Twitter just sent the Securities and Exchange Commission a revised filing that shows it doubled cash-and-stock grants for five outside board directors to -- wait for it -- a minimum $16 million each from $8 million, notes Michelle Leder with the research firm Footnoted.com.
Twitter’s prior filings did not disclose these payouts, Leder says. The huge payouts are buried in its filing, along with the $1 billion credit line, which got a lot of headlines even though such borrowings are common for technology startups going public, Leder adds, noting that Twitter masterfully made the filing on the day of Apple’s Ipad news. The payout blows away Facebook’s pre-IPO payout for directors at just $600,000 worth of stock each.
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Outside Directors. Our 2013 Plan provides that all outside directors will be eligible to receive all types of awards (except for incentive stock options) under our 2013 Plan. In connection with this offering, we intend to implement a formal policy pursuant to which our outside directors will be eligible to receive equity awards under our 2013 Plan. Our 2013 Plan provides that in any given year, an outside director will not receive (i) cash-settled awards having a grant-date fair value greater than $4 million, increased to $8 million in connection with his or her initial service; and (ii) stock-settled awards having a grant-date fair value greater than $4 million, increased to $8 million in connection with his or her initial service, in each case, as determined under GAAP.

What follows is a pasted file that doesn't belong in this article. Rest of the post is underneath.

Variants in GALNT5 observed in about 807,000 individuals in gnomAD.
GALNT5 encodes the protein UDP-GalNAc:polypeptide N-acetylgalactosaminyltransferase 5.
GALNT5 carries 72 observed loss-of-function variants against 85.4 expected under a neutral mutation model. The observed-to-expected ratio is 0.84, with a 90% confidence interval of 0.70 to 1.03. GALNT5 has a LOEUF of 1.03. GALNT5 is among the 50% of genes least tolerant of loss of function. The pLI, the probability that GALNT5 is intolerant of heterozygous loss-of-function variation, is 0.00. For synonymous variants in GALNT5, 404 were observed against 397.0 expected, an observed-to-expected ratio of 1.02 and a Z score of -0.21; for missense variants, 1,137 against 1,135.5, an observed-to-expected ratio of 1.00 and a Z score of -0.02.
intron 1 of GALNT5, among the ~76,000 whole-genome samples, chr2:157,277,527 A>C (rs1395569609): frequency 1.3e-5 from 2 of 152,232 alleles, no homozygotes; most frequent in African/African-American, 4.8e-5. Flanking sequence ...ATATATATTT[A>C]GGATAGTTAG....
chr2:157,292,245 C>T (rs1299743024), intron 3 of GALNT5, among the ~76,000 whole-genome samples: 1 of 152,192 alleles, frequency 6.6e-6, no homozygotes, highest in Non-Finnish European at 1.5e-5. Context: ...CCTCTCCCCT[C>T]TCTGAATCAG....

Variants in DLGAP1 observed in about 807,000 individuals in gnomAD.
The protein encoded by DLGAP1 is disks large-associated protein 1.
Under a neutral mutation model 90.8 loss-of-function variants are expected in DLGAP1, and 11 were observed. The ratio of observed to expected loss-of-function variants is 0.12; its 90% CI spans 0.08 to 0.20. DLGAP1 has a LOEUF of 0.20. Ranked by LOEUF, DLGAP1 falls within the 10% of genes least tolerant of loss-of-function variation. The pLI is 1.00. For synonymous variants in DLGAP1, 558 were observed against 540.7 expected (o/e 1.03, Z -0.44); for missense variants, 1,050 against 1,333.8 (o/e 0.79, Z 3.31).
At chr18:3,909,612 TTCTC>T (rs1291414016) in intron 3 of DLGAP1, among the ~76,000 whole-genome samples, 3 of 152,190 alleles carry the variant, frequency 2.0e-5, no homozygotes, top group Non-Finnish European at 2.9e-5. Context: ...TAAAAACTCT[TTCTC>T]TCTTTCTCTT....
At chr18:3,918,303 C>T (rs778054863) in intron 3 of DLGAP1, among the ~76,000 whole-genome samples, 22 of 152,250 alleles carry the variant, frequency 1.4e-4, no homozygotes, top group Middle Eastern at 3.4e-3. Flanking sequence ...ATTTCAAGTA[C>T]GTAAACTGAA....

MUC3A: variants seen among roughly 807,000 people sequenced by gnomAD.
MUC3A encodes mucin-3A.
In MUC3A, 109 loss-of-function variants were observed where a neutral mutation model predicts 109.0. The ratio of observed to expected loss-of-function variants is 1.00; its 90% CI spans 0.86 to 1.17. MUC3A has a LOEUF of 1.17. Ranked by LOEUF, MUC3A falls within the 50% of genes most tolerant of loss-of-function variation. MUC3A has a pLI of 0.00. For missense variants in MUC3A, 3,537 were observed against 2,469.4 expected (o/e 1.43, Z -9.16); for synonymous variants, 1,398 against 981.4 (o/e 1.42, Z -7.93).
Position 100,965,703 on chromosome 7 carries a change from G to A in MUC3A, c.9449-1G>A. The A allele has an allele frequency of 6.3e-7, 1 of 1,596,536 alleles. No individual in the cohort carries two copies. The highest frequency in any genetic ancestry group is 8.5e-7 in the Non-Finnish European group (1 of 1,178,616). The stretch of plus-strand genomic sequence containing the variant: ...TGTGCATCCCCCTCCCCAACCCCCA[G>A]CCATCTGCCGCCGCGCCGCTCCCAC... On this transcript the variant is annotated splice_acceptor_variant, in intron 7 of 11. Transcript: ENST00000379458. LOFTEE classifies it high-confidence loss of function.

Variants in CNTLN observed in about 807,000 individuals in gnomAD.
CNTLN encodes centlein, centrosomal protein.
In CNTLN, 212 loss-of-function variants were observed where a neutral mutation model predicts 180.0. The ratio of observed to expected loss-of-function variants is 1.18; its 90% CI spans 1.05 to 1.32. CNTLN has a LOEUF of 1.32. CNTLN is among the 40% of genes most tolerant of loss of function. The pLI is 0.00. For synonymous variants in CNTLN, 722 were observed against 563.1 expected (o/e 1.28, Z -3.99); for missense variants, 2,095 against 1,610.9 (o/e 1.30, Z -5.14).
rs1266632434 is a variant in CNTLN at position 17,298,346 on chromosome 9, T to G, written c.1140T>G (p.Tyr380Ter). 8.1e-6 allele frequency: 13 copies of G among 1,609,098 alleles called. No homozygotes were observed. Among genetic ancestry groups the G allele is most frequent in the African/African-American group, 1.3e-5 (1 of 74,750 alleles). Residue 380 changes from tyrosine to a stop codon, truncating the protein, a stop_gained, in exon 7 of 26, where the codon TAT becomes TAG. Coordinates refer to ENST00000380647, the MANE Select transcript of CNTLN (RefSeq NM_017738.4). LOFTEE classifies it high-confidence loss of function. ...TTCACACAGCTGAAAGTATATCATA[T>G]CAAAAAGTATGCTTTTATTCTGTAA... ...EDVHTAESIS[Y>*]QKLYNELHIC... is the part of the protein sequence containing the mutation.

The outside directors are: Peter Chernin, founder and chairman of Chernin Entertainment, a film and television production company, and the former president of News Corp.; Peter Currie, president of a private investment firm who was executive vice president and chief administrative officer of Netscape Communications; Peter Fenton of Benchmark Capital; David Rosenblatt of 1stdibs.com and former DoubleClick CEO; and Evan Williams, the founder of Medium, an online publishing firm, and a co-founder of Twitter.
Leder says: “The agreements are amazingly minimalist since there’s no details about options, restricted stock, performance-based shares or even any detailed language on severance — the types of things that typically create bloat in most executive agreements.”
On top of these disclosures, Twitter’s filing shows it now plans to “make 12 million shares available to its employees under its Employee Stock Purchase Plan and it expects the total offering to consist of 5 billion common shares and another 200 million preferred shares,” Leder says.